Student-athletes choose to compete in sport at the community-college-level for a variety of reasons. Some athletes spend time at a community college to improve their GPA in order to transfer to 4-year university. However, other athletes might join a community college team with the intention of extending their athletic career for two more years before retiring from competition. Community college athletes are often dedicated, resilient athletes faced with obstacles on and off the field. Years ago, I had the privilege of providing sport psychology services to a Los Angeles women’s community college softball team. Below, I will discuss the team and the work that we did together.
Let’s meet the team
From the time the team started practicing in the summer, there was division among the players. About half of the players were experienced and skilled softball players whereas the other half had little to no experience in competitive softball. This discrepancy in experience and ability, combined with personality issues, led to constant team conflict. Before the season started half of the team quit, leaving the team to be comprised of mostly players with very little athletic experience. Throughout the season they were able to maintain a roster of only 9 healthy players. The head coach aggressively recruited any willing player to the team. However, each time she recruited a new player, the team would lose a player due to injury. The team consisted of players who struggled financially, faced significant life adversity, family issues, and mental health issues, who remained on the team out of a sense of loyalty to each other and their coach. They went on to have a physically and emotionally challenging season, losing 30 games before winning the final game of their season.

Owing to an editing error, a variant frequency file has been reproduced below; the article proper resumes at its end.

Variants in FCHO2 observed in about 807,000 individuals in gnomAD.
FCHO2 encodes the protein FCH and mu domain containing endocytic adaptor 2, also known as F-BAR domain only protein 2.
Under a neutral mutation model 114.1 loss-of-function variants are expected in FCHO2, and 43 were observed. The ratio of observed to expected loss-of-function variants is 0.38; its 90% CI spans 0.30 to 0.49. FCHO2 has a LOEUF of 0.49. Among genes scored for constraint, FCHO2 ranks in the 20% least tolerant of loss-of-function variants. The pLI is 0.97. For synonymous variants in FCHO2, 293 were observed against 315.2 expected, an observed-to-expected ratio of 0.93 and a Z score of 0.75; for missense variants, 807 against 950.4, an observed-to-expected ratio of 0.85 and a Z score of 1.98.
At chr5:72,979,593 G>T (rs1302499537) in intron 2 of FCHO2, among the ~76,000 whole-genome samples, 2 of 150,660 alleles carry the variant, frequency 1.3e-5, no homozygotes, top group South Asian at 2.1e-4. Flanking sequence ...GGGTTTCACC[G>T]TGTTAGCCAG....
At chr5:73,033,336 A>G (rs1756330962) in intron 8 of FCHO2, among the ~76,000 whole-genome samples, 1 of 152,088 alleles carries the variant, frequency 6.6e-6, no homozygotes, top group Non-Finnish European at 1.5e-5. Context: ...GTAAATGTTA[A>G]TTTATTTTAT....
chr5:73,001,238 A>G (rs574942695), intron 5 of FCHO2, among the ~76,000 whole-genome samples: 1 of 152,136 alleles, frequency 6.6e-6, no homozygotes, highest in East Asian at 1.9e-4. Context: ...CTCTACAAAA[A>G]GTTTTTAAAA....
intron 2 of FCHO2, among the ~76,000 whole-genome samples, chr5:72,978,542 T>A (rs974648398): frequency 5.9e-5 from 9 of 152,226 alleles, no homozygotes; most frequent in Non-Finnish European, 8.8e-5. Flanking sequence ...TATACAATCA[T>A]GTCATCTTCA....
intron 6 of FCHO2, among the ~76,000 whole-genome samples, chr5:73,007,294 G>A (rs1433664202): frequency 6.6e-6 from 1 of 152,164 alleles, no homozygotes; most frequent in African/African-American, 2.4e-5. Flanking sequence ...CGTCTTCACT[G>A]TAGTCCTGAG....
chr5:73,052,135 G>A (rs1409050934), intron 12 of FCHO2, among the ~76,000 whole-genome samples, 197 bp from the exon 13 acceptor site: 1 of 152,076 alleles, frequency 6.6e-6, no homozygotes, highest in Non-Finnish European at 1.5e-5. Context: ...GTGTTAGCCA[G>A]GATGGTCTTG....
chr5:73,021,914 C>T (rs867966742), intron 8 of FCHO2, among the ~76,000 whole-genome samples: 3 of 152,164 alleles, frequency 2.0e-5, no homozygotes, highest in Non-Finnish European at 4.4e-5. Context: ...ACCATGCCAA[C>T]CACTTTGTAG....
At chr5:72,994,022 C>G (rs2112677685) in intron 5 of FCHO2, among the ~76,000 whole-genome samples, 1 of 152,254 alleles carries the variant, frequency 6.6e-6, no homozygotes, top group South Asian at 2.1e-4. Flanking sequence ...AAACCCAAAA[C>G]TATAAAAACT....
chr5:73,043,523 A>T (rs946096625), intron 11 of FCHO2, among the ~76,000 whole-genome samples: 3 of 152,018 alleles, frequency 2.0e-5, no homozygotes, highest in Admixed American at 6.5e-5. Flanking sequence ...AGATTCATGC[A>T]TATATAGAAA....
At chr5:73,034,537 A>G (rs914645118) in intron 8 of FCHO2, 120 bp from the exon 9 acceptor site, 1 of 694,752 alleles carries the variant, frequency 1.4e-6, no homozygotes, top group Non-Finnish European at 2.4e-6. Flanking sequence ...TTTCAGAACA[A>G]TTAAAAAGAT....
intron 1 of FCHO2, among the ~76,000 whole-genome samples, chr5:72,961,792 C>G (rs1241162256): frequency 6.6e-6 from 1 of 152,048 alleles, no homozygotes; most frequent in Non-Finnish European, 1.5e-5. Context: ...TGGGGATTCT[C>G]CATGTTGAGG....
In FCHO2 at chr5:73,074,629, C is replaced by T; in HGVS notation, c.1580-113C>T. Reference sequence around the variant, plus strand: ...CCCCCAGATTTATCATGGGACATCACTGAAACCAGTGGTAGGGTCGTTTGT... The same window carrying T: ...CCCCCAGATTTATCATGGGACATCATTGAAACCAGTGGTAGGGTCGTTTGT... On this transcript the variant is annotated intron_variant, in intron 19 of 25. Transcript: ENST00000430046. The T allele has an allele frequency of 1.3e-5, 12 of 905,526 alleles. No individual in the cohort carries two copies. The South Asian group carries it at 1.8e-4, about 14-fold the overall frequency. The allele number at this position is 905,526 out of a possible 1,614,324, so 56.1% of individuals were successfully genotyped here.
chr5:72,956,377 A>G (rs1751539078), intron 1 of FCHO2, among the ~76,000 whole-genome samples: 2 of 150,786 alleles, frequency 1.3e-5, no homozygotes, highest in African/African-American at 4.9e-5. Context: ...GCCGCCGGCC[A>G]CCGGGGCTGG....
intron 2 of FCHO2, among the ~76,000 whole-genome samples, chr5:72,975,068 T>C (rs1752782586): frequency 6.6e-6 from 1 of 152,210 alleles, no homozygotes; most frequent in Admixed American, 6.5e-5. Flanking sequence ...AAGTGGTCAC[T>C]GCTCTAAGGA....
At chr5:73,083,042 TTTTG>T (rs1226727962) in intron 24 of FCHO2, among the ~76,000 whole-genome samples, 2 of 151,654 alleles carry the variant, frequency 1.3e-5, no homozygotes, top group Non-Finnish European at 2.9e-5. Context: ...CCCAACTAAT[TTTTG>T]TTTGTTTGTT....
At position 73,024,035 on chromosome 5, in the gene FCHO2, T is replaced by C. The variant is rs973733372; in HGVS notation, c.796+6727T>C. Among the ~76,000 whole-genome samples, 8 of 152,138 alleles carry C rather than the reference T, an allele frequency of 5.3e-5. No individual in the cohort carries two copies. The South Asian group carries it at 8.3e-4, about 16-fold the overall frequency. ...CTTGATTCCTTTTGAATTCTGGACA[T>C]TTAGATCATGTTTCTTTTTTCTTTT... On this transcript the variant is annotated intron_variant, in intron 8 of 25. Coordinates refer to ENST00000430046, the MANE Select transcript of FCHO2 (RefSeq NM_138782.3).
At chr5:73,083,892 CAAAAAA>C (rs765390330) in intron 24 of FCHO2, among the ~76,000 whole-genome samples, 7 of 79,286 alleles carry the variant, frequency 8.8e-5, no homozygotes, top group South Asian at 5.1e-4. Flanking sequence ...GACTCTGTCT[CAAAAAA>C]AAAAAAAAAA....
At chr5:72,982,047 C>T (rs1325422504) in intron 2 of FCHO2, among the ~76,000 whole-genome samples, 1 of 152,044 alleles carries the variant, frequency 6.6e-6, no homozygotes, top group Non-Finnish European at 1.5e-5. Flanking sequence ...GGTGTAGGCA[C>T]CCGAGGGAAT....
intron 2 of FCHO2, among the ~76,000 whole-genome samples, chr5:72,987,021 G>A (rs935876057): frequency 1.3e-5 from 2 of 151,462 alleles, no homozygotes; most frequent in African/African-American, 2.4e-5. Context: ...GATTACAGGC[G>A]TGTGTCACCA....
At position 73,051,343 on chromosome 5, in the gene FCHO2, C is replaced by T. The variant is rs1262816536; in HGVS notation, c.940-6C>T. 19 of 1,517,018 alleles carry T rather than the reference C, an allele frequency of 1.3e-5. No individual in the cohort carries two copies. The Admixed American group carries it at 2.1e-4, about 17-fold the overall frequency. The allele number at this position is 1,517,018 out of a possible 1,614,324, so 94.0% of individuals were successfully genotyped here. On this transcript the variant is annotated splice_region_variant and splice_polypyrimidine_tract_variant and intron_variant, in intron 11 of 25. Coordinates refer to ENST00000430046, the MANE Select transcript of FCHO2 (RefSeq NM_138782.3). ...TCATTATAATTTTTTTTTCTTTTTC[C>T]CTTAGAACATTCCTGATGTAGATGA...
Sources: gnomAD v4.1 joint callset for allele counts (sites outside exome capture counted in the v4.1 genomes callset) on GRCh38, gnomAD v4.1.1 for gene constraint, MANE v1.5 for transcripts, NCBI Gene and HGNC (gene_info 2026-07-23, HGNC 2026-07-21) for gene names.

What was the game plan?
This was my 2nd year working with this softball team and I was familiar with the challenges faced by the coach and the remaining players. Therefore, I developed a sport psychology game plan consisting of 5 components. First, the team was taught the growth mindset, a re-conceptualization of success from being based on outcomes to one based on effort and learning. Second, players engaged in initiative games to build team cohesion and allow players to practice performing under pressure in a psychologically safe environment. Third, players were taught mental skills to help them perform under pressure. Fourth, crisis counseling, consultations, and referrals were provided to coaches and players. Fifth, supplementary services, such as weekly emails containing sport psychology videos, game photos, and infographics were provided to the team.
In part 2 of the series, I will discuss each of the components of the game plan and how I helped the team develop a growth mindset. If you are interested in learning more about if sport psychology, conducted online, would helpful for you then schedule a free phone or video consultation.
Dr. Jason von Stietz specializes in Cognitive Behavior Therapy and Sport/Performance Psychology in Torrance, CA. He provides online therapy (telehealth) by way of the Torrance office and is available for a free initial phone consultation. Dr. von Stietz works with individuals from Long Beach, the greater Los Angeles area, and the South Bay including Palos Verdes, Redondo Beach, Hermosa Beach, Manhattan Beach, El Segundo and all over California.